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  1. The origins of the organic movement

    Conford, Philip
    Edinburgh [Scotland] : Floris Books, 2001.

    With recent media hysteria and public concern about BSE and genetically-modified crops, we could be forgiven for thinking that the upsurge of interest in organic farming is a reflection of modern debate, and a vindication of what left-wing alternative groups have been advocating for years. However, in this first and authoritative history of twentieth century "green" culture, Philip Conford reveals that the early exponents of the organic movement actually belonged more to extreme right-wing, conservative groups, which were reacting to industrialization and the increasing threat to traditional country life, closely associated with socialist politics. Drawing on a wealth of contemporary sources, Conford chronicles the origins of the organic movement in Britain and America between the 1920s and 1960s, and offers a perceptive portrayal of an organization which believes implicitly in the positive acceptance of the natural order and its laws. The author demonstrates convincingly that organic farming is not a recent issue, and traces the evolution of this now thriving movement. With the recent EU directive banning animal products in animal feed, together with the public backlash against genetically-modified crops, this book provides powerful reinforcement to a debate that has raged for over a century, and which affects us all.

  2. A Future for the land : organic practice from a global perspective

    Bideford, England : Green Books, 1992.

    Against a background of mounting public concern over issues such as factory farming, water pollution from agricultural wastes and the use of pesticides and herbicides, this book brings together the views of leading writers, campaigners and politicians. Looking at the global and national environmental pictures, they show how sustainable agricultural policies can and must be developed if we are to restore the productivity of our land.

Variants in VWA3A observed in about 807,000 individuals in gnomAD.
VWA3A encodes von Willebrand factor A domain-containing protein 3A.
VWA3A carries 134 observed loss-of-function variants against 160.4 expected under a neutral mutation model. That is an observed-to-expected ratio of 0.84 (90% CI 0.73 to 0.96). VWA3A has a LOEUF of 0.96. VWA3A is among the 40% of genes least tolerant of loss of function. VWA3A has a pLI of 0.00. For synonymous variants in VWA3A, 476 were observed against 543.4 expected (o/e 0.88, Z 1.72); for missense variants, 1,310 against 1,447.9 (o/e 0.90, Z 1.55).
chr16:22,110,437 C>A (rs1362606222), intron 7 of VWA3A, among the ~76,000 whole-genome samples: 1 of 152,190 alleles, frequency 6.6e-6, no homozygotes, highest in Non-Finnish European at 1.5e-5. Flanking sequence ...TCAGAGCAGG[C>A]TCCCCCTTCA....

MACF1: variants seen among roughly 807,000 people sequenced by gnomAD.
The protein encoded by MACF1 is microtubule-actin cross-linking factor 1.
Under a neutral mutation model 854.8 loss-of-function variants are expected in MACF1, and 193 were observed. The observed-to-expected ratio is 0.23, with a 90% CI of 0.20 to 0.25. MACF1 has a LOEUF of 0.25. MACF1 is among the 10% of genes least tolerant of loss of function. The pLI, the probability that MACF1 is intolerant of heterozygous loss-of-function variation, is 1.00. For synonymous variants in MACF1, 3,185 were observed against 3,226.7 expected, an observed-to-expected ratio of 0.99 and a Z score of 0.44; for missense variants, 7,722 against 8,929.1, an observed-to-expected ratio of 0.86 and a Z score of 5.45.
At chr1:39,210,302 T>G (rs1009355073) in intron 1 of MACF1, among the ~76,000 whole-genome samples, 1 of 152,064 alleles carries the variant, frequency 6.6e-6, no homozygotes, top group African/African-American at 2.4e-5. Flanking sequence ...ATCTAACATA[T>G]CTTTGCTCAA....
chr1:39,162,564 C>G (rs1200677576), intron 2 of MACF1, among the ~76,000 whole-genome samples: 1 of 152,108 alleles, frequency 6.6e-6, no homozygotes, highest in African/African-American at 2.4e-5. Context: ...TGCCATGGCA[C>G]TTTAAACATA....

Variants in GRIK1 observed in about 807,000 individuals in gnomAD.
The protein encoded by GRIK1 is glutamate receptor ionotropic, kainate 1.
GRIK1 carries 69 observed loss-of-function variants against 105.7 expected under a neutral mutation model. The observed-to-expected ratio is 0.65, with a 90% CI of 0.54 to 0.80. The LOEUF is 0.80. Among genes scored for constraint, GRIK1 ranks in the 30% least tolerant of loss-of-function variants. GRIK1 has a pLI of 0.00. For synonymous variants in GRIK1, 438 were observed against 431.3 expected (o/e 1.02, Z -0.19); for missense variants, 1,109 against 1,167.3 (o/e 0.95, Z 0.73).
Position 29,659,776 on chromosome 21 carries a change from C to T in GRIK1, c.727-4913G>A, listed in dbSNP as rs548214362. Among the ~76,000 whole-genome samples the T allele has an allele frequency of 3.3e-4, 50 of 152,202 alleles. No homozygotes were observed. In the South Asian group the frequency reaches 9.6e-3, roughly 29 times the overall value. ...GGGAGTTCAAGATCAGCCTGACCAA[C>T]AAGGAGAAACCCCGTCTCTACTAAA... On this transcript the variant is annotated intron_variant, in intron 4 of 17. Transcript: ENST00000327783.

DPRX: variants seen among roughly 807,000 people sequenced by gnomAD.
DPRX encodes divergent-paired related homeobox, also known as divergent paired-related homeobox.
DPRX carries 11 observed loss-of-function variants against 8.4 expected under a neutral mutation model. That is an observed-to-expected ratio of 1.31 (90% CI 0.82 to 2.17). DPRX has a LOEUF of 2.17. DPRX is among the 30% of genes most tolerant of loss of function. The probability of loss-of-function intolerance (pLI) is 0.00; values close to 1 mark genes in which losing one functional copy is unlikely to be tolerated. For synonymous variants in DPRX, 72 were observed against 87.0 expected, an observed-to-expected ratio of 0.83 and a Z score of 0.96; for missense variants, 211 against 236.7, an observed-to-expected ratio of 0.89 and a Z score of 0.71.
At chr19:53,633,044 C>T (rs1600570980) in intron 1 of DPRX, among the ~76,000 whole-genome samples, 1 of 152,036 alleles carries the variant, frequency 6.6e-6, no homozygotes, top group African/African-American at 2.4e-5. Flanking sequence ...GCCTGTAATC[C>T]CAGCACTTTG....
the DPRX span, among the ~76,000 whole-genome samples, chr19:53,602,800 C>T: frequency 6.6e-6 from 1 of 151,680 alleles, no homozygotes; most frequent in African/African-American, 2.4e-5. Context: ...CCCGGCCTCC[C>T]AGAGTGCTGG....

3. The contested countryside : rural politics and land controversy in modern Britain

    London ; New York : I.B. Taurus ; New York : In the U.S.A. and Canada distributed by Palgrave Macmillan, 2008.

    Life in rural Britain has changed beyond recognition since the beginning of the 20th century. Not only dramatic events such as the ban on hunting and mad cow disease but also the growth of the organic movement, changes in farming practices and increasing rural poverty have all had an effect on how we view the countryside and the people who live there. In "The Contested Countryside", the authors put contemporary rural issues in their historical context, which they argue is essential in order to see modern problems in a clearer light - and perhaps even find some solutions."The Contested Countryside" examines the historical background to some of the main controversies of contemporary rural life. The authors explore key elements of rural life, including the varying responses to animal disease from Biblical times to the 2001 outbreak of foot-and-mouth, the relationship between farming methods and landscape preservation as well as organic farming, the role of the European Union and the truth about the Countryside Alliance. In the process they address the thorny question of whether the countryside can still support a rural population. "The Contested Countryside" is essential reading for anyone with an interest in 21st-century rural life in Britain.


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